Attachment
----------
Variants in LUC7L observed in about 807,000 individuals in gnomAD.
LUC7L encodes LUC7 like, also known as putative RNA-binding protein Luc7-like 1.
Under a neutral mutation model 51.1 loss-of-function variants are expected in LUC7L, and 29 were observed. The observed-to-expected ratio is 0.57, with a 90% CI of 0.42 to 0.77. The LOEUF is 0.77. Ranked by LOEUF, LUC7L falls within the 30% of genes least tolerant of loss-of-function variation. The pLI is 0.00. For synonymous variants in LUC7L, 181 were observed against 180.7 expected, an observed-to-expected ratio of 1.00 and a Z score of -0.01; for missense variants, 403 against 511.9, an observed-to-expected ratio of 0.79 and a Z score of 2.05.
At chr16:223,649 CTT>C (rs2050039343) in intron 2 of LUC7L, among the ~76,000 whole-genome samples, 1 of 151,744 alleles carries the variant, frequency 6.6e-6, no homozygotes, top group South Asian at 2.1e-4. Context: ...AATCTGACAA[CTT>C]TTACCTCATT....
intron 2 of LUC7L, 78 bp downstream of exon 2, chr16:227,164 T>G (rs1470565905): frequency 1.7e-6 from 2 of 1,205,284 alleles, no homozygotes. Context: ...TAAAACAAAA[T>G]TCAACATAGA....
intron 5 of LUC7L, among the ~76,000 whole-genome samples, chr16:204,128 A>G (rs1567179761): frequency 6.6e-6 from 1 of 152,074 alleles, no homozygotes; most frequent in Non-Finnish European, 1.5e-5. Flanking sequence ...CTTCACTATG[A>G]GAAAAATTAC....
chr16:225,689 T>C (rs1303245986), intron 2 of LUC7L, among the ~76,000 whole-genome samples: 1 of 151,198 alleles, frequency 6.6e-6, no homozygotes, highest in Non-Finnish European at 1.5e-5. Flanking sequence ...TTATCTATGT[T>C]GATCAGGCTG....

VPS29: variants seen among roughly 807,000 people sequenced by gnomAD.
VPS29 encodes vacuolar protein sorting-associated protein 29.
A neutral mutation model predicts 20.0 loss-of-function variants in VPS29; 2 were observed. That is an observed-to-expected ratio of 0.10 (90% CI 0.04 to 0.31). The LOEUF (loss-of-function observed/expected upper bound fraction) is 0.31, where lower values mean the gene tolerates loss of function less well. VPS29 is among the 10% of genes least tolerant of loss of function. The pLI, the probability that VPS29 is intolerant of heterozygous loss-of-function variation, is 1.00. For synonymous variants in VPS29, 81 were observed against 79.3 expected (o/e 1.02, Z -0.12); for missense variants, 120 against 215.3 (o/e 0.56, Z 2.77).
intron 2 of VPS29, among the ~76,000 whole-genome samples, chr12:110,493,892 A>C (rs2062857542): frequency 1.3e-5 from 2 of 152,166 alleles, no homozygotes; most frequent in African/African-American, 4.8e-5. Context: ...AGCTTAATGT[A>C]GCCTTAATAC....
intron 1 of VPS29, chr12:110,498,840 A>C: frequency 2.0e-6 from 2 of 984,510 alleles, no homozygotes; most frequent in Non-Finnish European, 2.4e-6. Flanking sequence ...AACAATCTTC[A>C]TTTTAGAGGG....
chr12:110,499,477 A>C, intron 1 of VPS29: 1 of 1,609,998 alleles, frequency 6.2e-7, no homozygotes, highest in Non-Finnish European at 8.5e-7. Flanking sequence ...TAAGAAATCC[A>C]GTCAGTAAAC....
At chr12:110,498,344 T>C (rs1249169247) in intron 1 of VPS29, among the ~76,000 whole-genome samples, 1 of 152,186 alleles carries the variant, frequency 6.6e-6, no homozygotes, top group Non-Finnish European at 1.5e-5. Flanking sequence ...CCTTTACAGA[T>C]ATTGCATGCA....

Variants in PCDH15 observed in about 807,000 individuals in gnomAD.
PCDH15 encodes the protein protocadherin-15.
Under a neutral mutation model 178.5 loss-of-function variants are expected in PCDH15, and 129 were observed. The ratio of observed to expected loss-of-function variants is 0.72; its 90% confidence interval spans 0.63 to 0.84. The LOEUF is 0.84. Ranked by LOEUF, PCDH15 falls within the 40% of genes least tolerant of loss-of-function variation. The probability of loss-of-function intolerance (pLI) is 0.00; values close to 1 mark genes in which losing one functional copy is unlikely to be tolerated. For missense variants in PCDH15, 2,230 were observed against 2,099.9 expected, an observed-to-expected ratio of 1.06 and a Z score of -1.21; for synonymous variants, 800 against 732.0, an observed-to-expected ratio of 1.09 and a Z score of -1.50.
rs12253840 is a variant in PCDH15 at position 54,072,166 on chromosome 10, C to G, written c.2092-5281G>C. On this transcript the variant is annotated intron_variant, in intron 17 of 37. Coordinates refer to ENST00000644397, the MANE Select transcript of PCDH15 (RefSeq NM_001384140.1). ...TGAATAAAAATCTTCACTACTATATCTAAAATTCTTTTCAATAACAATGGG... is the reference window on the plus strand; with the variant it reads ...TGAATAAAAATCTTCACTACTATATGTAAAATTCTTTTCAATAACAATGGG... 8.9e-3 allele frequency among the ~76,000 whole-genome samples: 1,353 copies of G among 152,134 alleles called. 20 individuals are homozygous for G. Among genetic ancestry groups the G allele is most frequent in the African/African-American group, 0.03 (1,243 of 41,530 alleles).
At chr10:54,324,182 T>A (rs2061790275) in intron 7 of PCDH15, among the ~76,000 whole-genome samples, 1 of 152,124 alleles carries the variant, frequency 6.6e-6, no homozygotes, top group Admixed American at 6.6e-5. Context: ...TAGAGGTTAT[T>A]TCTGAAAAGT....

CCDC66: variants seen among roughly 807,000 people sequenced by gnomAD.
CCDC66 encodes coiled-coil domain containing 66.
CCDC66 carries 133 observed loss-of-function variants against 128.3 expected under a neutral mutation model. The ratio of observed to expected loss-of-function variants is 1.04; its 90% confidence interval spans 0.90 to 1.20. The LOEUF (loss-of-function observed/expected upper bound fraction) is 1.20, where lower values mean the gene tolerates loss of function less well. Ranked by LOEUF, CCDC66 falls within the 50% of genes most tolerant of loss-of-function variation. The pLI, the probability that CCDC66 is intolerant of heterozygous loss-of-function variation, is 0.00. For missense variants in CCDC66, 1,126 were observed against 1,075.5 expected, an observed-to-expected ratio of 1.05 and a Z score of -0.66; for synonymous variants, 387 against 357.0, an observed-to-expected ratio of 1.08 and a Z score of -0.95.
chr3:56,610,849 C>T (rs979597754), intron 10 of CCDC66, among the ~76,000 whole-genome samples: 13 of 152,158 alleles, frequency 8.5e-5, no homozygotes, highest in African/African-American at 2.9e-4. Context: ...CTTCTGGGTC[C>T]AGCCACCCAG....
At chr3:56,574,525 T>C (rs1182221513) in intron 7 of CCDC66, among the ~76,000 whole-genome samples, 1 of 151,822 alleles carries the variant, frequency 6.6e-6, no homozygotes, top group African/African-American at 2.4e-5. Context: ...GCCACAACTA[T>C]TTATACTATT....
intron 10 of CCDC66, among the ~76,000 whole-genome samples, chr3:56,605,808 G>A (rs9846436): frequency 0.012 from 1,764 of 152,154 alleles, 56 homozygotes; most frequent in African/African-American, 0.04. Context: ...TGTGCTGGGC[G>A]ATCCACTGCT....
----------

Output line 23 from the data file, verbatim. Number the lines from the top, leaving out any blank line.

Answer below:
chr3:56,610,849 C>T (rs979597754), intron 10 of CCDC66, among the ~76,000 whole-genome samples: 13 of 152,158 alleles, frequency 8.5e-5, no homozygotes, highest in African/African-American at 2.9e-4. Context: ...CTTCTGGGTC[C>T]AGCCACCCAG....